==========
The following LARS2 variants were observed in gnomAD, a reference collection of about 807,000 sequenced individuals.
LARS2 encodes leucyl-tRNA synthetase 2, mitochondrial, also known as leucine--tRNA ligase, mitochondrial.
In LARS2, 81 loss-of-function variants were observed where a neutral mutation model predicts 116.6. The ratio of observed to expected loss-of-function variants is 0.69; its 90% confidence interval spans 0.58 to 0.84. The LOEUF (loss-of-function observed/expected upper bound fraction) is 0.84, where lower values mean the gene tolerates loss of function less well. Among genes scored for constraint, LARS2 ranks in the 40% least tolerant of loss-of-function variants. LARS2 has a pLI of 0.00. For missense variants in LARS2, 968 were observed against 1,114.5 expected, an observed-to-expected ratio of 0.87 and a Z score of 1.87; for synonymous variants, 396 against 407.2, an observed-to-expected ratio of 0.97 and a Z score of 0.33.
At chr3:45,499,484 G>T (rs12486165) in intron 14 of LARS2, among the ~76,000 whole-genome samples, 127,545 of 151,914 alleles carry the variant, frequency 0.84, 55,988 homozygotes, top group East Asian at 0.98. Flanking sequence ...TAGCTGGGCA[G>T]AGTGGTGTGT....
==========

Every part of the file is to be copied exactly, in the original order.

The following LARS2 variants were observed in gnomAD, a reference collection of about 807,000 sequenced individuals.
LARS2 encodes leucyl-tRNA synthetase 2, mitochondrial, also known as leucine--tRNA ligase, mitochondrial.
In LARS2, 81 loss-of-function variants were observed where a neutral mutation model predicts 116.6. The ratio of observed to expected loss-of-function variants is 0.69; its 90% confidence interval spans 0.58 to 0.84. The LOEUF (loss-of-function observed/expected upper bound fraction) is 0.84, where lower values mean the gene tolerates loss of function less well. Among genes scored for constraint, LARS2 ranks in the 40% least tolerant of loss-of-function variants. LARS2 has a pLI of 0.00. For missense variants in LARS2, 968 were observed against 1,114.5 expected, an observed-to-expected ratio of 0.87 and a Z score of 1.87; for synonymous variants, 396 against 407.2, an observed-to-expected ratio of 0.97 and a Z score of 0.33.
At chr3:45,499,484 G>T (rs12486165) in intron 14 of LARS2, among the ~76,000 whole-genome samples, 127,545 of 151,914 alleles carry the variant, frequency 0.84, 55,988 homozygotes, top group East Asian at 0.98. Flanking sequence ...TAGCTGGGCA[G>T]AGTGGTGTGT....